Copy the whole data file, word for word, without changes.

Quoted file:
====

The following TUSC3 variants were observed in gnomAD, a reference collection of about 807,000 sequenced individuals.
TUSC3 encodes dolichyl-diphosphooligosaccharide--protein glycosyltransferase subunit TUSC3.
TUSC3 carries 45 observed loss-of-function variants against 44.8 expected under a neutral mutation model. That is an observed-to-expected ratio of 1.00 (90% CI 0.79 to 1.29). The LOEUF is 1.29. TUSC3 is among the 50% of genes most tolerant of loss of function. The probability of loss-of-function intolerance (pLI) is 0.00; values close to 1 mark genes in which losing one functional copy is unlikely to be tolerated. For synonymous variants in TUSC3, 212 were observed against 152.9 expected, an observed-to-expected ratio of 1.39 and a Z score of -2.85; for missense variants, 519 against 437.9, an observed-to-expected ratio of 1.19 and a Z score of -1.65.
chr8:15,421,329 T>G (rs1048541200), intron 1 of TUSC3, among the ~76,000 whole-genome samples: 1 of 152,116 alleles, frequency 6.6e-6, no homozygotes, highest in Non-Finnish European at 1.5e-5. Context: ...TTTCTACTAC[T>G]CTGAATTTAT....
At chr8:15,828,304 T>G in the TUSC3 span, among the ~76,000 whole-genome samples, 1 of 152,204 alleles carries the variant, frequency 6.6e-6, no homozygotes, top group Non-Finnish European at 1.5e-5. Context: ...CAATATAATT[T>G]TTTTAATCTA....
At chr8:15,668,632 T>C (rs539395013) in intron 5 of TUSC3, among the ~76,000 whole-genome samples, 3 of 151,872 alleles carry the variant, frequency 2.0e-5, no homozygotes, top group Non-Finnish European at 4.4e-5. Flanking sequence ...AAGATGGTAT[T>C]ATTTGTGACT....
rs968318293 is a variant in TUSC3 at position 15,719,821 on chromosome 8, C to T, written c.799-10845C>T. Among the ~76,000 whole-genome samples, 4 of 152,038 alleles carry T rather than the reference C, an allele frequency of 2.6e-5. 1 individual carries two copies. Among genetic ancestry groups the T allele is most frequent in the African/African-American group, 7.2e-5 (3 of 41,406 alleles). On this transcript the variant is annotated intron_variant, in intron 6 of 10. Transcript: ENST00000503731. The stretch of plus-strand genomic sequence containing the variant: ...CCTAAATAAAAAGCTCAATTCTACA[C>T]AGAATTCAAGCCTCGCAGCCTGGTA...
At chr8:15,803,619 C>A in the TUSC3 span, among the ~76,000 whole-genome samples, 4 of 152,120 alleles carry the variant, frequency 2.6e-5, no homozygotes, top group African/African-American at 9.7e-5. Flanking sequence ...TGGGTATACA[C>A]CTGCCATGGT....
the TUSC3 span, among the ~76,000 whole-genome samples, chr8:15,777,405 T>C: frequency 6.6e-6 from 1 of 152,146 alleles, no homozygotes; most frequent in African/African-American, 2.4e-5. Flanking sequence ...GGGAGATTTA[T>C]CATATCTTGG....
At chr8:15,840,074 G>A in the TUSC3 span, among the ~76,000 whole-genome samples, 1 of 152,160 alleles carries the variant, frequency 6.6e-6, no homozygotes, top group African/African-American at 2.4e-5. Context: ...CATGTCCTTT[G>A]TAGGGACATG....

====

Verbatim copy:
The following TUSC3 variants were observed in gnomAD, a reference collection of about 807,000 sequenced individuals.
TUSC3 encodes dolichyl-diphosphooligosaccharide--protein glycosyltransferase subunit TUSC3.
TUSC3 carries 45 observed loss-of-function variants against 44.8 expected under a neutral mutation model. That is an observed-to-expected ratio of 1.00 (90% CI 0.79 to 1.29). The LOEUF is 1.29. TUSC3 is among the 50% of genes most tolerant of loss of function. The probability of loss-of-function intolerance (pLI) is 0.00; values close to 1 mark genes in which losing one functional copy is unlikely to be tolerated. For synonymous variants in TUSC3, 212 were observed against 152.9 expected, an observed-to-expected ratio of 1.39 and a Z score of -2.85; for missense variants, 519 against 437.9, an observed-to-expected ratio of 1.19 and a Z score of -1.65.
chr8:15,421,329 T>G (rs1048541200), intron 1 of TUSC3, among the ~76,000 whole-genome samples: 1 of 152,116 alleles, frequency 6.6e-6, no homozygotes, highest in Non-Finnish European at 1.5e-5. Context: ...TTTCTACTAC[T>G]CTGAATTTAT....
At chr8:15,828,304 T>G in the TUSC3 span, among the ~76,000 whole-genome samples, 1 of 152,204 alleles carries the variant, frequency 6.6e-6, no homozygotes, top group Non-Finnish European at 1.5e-5. Context: ...CAATATAATT[T>G]TTTTAATCTA....
At chr8:15,668,632 T>C (rs539395013) in intron 5 of TUSC3, among the ~76,000 whole-genome samples, 3 of 151,872 alleles carry the variant, frequency 2.0e-5, no homozygotes, top group Non-Finnish European at 4.4e-5. Flanking sequence ...AAGATGGTAT[T>C]ATTTGTGACT....
rs968318293 is a variant in TUSC3 at position 15,719,821 on chromosome 8, C to T, written c.799-10845C>T. Among the ~76,000 whole-genome samples, 4 of 152,038 alleles carry T rather than the reference C, an allele frequency of 2.6e-5. 1 individual carries two copies. Among genetic ancestry groups the T allele is most frequent in the African/African-American group, 7.2e-5 (3 of 41,406 alleles). On this transcript the variant is annotated intron_variant, in intron 6 of 10. Transcript: ENST00000503731. The stretch of plus-strand genomic sequence containing the variant: ...CCTAAATAAAAAGCTCAATTCTACA[C>T]AGAATTCAAGCCTCGCAGCCTGGTA...
At chr8:15,803,619 C>A in the TUSC3 span, among the ~76,000 whole-genome samples, 4 of 152,120 alleles carry the variant, frequency 2.6e-5, no homozygotes, top group African/African-American at 9.7e-5. Flanking sequence ...TGGGTATACA[C>A]CTGCCATGGT....
the TUSC3 span, among the ~76,000 whole-genome samples, chr8:15,777,405 T>C: frequency 6.6e-6 from 1 of 152,146 alleles, no homozygotes; most frequent in African/African-American, 2.4e-5. Flanking sequence ...GGGAGATTTA[T>C]CATATCTTGG....
At chr8:15,840,074 G>A in the TUSC3 span, among the ~76,000 whole-genome samples, 1 of 152,160 alleles carries the variant, frequency 6.6e-6, no homozygotes, top group African/African-American at 2.4e-5. Context: ...CATGTCCTTT[G>A]TAGGGACATG....